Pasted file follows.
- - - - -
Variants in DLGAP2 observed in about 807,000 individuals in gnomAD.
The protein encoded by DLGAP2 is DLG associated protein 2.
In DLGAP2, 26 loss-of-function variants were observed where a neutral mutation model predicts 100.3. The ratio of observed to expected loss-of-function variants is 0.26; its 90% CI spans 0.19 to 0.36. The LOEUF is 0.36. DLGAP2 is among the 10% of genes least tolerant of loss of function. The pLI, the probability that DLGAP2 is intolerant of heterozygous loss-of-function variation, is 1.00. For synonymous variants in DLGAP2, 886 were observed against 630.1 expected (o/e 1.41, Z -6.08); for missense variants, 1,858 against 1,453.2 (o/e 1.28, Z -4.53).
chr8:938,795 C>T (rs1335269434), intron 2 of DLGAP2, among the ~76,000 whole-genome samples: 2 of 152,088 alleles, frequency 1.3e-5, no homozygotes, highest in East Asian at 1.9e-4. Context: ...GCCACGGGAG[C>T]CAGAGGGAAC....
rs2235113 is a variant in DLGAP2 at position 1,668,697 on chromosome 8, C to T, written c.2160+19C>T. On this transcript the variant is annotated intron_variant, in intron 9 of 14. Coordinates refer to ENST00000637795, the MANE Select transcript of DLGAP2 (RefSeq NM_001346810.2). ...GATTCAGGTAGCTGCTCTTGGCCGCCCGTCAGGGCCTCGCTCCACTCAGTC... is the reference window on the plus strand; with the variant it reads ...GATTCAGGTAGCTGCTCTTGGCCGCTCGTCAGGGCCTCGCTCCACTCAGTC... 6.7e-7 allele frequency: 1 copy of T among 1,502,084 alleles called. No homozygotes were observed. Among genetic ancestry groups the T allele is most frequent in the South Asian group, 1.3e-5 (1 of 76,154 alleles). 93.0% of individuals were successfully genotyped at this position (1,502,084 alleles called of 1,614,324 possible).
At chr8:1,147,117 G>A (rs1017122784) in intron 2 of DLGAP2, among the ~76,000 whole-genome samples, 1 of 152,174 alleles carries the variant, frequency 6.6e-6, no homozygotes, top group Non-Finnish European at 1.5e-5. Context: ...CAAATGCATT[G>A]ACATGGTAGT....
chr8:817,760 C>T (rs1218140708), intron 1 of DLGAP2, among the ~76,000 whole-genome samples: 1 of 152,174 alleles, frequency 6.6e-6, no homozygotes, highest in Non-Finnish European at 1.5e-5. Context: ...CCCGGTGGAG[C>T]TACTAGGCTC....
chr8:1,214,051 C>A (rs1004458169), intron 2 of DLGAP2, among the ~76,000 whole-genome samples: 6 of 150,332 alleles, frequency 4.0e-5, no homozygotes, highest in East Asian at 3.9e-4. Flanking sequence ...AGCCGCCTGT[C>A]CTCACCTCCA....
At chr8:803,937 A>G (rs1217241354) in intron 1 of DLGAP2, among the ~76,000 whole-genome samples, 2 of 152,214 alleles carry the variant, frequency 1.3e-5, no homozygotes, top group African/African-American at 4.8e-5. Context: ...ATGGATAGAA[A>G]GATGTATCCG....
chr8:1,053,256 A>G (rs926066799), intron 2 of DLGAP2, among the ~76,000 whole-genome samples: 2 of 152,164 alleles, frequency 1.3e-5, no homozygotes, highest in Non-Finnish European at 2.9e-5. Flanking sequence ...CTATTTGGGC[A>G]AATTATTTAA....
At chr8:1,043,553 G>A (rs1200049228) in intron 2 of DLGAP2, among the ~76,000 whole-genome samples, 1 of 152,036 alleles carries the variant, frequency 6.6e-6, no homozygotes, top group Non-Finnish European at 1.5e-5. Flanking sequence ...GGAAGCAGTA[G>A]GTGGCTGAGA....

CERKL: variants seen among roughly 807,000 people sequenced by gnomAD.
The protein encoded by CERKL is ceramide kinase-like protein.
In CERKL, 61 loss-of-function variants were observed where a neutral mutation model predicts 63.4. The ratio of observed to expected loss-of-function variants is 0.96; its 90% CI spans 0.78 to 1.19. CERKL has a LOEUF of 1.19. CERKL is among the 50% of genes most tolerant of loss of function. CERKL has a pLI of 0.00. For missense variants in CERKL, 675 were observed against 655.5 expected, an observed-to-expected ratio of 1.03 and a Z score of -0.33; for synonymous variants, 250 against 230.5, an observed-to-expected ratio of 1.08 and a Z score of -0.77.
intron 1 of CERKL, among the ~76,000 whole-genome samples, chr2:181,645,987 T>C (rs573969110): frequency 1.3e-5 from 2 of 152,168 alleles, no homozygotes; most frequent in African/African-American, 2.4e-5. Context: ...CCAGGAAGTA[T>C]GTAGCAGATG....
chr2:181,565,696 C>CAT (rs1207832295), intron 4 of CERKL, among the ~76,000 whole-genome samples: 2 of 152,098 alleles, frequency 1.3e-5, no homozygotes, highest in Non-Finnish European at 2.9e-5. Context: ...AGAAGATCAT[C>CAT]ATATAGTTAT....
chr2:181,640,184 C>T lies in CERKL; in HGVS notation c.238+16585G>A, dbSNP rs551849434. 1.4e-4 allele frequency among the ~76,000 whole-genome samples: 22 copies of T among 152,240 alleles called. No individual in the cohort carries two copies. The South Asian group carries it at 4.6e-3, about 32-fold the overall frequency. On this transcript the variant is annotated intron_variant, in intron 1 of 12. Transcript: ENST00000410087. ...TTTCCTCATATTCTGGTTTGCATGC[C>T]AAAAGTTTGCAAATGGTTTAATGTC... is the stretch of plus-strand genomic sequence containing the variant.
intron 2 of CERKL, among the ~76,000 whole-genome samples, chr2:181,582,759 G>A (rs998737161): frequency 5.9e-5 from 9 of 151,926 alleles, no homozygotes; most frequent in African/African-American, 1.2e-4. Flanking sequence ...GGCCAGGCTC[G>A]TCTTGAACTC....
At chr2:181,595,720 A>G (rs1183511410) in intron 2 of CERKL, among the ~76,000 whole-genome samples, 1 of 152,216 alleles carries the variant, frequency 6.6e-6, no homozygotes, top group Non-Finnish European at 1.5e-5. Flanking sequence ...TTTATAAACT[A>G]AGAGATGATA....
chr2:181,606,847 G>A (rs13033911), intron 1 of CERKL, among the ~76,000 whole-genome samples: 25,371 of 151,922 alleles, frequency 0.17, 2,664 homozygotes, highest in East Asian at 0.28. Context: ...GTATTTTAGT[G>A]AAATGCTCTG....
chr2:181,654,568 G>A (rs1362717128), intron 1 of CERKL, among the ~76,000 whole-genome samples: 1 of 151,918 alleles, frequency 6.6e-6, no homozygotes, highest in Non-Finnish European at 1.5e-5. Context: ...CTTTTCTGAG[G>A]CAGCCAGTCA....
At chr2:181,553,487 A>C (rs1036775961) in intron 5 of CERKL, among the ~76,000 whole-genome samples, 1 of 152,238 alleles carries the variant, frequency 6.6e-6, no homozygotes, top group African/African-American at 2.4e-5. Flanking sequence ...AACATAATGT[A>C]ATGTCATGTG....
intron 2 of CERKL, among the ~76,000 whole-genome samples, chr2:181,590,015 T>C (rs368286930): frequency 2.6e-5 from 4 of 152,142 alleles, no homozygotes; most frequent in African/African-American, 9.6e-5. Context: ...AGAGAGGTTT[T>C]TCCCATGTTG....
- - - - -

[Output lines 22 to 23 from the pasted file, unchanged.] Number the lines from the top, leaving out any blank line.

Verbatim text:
At chr2:181,553,487 A>C (rs1036775961) in intron 5 of CERKL, among the ~76,000 whole-genome samples, 1 of 152,238 alleles carries the variant, frequency 6.6e-6, no homozygotes, top group African/African-American at 2.4e-5. Flanking sequence ...AACATAATGT[A>C]ATGTCATGTG....
intron 2 of CERKL, among the ~76,000 whole-genome samples, chr2:181,590,015 T>C (rs368286930): frequency 2.6e-5 from 4 of 152,142 alleles, no homozygotes; most frequent in African/African-American, 9.6e-5. Context: ...AGAGAGGTTT[T>C]TCCCATGTTG....